Plans for a railway line between Edinburgh and the Borders have been backed by MSPs but with a series of conditions attached.
All the Borders stations must be introduced if the line re-opens
The committee set up to scrutinise the Waverley Railway Scotland Bill given its approval providing a station is built at Stow
MSPs also insist that trains run all the way to Tweedbank.
They concluded that the wider public benefits of the railway outweighed individual environmental concerns.
Their report highlighted the distress caused to householders facing compulsory purchase.
In addition, the committee questioned whether Scottish Borders and Midlothian councils could meet the target levels set for housebuilding.
These levels are seen as vital in maximising passenger uptake and revenue for the railway.
Committee convener Tricia Marwick MSP said they had tried to take all concerns on board.
"This has been a long process for both the committee and objectors to whom we are grateful for the care taken in setting out their concerns," she said.
She added that improvements had been sought on the bill promoter's policy on noise and vibration in order to minimise impact.
"In addition we have introduced a robust code of construction practice and we will amend the bill to ensure this is monitored and enforced," she said.
"We are unanimous that a station must be built at Stow and that the railway must proceed all the way to Tweedbank - it should not terminate at Gorebridge."
She said that stations in the Borders were a vital part of the plan.
"We will amend the bill to ensure that all the Border stations, including Stow, must be constructed," she said.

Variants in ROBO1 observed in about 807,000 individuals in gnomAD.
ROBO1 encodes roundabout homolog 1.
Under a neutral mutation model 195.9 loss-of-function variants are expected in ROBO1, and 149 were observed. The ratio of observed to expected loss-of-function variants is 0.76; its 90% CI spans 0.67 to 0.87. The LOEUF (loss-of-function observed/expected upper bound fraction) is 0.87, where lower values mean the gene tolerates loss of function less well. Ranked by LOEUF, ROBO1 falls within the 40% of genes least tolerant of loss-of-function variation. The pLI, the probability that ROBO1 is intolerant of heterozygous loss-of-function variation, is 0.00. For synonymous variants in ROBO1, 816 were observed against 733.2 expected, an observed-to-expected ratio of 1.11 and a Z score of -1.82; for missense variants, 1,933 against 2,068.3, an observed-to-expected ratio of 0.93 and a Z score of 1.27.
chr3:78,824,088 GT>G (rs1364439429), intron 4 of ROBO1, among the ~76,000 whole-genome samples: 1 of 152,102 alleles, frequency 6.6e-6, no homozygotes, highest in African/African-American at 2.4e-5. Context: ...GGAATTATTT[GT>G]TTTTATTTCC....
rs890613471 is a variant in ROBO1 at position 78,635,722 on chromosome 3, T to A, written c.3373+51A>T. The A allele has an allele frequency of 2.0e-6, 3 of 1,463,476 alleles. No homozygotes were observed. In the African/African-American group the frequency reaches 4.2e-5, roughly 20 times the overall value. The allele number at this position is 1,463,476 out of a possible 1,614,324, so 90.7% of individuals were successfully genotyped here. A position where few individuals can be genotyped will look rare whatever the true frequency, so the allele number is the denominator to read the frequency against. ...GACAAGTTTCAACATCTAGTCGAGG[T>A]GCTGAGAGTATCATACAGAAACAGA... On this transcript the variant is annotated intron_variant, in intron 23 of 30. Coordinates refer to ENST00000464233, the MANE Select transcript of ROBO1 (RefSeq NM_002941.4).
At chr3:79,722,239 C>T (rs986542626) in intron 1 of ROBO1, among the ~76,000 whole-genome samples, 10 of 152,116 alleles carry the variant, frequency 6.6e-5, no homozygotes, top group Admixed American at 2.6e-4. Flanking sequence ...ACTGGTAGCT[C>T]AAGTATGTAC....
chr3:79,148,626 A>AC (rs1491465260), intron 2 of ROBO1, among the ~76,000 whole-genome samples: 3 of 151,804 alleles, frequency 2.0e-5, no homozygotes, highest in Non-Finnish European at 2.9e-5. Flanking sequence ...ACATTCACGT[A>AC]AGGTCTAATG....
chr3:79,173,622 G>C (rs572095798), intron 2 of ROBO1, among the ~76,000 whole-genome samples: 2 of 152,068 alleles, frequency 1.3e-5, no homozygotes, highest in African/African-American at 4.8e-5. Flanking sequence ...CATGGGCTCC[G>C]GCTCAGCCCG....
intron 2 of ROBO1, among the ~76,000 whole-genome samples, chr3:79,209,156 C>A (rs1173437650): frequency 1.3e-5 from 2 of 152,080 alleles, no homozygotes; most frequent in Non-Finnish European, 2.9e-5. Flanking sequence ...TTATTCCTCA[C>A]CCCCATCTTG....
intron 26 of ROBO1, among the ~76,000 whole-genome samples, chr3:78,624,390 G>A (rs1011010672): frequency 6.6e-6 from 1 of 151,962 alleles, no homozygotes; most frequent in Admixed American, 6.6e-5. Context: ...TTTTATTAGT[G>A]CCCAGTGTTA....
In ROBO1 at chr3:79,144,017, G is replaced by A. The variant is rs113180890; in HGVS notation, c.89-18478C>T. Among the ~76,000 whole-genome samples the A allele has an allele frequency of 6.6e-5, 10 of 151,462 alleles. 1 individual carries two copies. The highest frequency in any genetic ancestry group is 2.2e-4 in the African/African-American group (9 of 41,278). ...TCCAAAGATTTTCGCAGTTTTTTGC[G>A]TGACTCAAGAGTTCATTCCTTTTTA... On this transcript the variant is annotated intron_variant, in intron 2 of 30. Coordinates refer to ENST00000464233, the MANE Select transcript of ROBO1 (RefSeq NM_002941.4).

"Put simply, if they aren't there will be no railway."
The route would follow much of the former Waverley railway line which closed in the 1960s, a victim of the Beeching cuts, leaving Midlothian and the Borders as the only parts of Scotland without a rail link.
The cost would be £155m in today's prices and the plan exposed political tensions between the Liberal Democrats, strong in the Borders, and some Labour MSPs less convinced of the need for a Borders link.
It provides for new stations at Shawfair, Eskbank, Newtongrange, Gorebridge, all in Midlothian, and Galashiels and Tweedbank in the Borders.
The report also draws attention to the committee's continuing concerns about the quality of communication between the promoter and objectors.
Deputy committee convener Christine May MSP said delays had caused too many problems.
"We have been very frustrated at the lack of clarity on whether or not there would be advance or voluntary purchase schemes.
"We have seen the human impact this delay has had on some objectors who have undergone prolonged distress and uncertainty as to whether and, if so when, their homes would be bought out.
"As we say in our report, the Scottish Executive appears to have given little recognition to such people.
"The promoter must improve its dialogue with local residents."
The committee's approval has been welcomed by south of Scotland SNP MSP Christine Grahame.
She was particularly pleased to see the Stow station included in the plans.
Although Ms Grahame did have some concerns about the number of potential obstacles which could still halt the scheme.